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Nat Rev Microbiol. 2015 Jun;13(6):343-59. doi: 10.1038/nrmicro3456.

Secretion systems in Gram-negative bacteria: structural and mechanistic insights.

Author information

1
Institute of Structural and Molecular Biology, University College London and Birkbeck, Malet Street, London WC1E 7HX, UK.
2
1] Institute of Structural and Molecular Biology, University College London and Birkbeck, Malet Street, London WC1E 7HX, UK. [2].

Abstract

Bacteria have evolved a remarkable array of sophisticated nanomachines to export various virulence factors across the bacterial cell envelope. In recent years, considerable progress has been made towards elucidating the structural and molecular mechanisms of the six secretion systems (types I-VI) of Gram-negative bacteria, the unique mycobacterial type VII secretion system, the chaperone-usher pathway and the curli secretion machinery. These advances have greatly enhanced our understanding of the complex mechanisms that these macromolecular structures use to deliver proteins and DNA into the extracellular environment or into target cells. In this Review, we explore the structural and mechanistic relationships between these single- and double-membrane-embedded systems, and we briefly discuss how this knowledge can be exploited for the development of new antimicrobial strategies.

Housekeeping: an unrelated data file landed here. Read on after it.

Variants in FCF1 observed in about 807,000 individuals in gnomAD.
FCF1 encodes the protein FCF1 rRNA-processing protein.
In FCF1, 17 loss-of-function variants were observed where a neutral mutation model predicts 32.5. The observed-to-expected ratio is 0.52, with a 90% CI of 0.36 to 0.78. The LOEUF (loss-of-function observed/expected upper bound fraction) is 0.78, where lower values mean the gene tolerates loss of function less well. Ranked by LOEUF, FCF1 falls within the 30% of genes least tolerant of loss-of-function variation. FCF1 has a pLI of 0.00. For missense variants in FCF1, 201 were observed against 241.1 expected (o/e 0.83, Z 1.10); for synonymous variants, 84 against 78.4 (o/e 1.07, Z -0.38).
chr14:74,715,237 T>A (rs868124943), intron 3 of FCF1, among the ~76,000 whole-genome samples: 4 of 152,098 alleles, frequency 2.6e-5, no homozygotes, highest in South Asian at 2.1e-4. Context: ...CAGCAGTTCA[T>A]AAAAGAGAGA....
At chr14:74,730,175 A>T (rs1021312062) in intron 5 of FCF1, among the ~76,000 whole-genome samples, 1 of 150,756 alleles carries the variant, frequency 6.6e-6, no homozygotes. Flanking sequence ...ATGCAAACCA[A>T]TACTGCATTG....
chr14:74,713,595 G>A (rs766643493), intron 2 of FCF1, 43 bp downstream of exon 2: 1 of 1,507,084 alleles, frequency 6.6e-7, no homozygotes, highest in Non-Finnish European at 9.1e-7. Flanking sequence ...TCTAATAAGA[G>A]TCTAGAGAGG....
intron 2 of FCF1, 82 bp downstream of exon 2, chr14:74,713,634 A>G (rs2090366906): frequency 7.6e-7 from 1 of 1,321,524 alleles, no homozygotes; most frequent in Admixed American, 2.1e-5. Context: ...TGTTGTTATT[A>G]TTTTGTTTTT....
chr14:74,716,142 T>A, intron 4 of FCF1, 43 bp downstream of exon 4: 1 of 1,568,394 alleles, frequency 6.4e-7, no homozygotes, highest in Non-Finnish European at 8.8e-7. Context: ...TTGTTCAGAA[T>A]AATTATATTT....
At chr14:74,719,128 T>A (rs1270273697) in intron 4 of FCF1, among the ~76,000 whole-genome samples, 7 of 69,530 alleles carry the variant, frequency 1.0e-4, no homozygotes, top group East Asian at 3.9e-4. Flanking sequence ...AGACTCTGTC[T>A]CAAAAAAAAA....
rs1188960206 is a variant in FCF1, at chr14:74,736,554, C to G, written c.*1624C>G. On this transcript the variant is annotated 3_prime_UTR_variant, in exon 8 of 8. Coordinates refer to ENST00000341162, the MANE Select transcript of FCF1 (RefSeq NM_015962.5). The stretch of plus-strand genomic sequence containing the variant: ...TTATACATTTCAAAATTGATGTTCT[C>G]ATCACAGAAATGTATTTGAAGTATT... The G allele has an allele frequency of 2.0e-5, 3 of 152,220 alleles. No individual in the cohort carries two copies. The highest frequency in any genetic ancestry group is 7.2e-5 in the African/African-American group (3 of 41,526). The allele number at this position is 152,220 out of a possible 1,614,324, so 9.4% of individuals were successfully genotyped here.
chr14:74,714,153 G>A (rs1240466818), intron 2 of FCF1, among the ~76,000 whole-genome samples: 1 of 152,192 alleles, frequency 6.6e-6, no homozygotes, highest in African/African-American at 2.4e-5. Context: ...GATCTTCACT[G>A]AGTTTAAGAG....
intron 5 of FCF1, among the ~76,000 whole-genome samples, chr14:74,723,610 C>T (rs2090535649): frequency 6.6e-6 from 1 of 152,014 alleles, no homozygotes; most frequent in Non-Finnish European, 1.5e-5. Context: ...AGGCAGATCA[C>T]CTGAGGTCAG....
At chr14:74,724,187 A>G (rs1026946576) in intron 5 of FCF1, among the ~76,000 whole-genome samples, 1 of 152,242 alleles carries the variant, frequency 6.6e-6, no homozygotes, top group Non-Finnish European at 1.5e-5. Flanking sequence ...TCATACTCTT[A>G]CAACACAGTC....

PMID:
25978706
DOI:
10.1038/nrmicro3456
[Indexed for MEDLINE]
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